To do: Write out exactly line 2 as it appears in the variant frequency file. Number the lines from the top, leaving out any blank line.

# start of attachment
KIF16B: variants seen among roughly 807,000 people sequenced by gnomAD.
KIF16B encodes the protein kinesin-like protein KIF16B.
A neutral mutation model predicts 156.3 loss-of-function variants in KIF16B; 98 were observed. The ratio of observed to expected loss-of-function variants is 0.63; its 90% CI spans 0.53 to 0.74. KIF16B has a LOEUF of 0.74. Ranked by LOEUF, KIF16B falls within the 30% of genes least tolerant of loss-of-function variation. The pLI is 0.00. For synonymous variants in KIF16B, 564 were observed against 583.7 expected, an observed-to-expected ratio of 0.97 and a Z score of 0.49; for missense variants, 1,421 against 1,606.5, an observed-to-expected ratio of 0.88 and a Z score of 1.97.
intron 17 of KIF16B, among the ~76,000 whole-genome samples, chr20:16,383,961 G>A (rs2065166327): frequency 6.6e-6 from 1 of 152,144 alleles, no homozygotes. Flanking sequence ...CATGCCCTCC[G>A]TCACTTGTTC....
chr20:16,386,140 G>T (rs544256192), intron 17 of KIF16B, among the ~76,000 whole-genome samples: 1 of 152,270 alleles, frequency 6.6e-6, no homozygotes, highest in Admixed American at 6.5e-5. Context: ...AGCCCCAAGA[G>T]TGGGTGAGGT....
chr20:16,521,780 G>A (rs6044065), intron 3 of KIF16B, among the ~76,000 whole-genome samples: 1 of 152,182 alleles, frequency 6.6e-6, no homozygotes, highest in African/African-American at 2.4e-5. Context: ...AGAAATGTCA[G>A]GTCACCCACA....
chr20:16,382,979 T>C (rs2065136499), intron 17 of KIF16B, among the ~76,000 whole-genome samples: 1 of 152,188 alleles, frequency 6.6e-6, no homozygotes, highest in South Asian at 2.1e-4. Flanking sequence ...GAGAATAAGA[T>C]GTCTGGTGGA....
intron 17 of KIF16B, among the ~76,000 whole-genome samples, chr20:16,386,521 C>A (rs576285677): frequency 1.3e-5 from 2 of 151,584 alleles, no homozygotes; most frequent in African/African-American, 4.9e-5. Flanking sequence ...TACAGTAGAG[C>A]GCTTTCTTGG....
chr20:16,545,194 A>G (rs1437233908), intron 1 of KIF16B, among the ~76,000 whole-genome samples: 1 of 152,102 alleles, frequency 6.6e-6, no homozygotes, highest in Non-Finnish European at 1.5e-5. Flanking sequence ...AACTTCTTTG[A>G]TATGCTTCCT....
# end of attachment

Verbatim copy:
KIF16B encodes the protein kinesin-like protein KIF16B.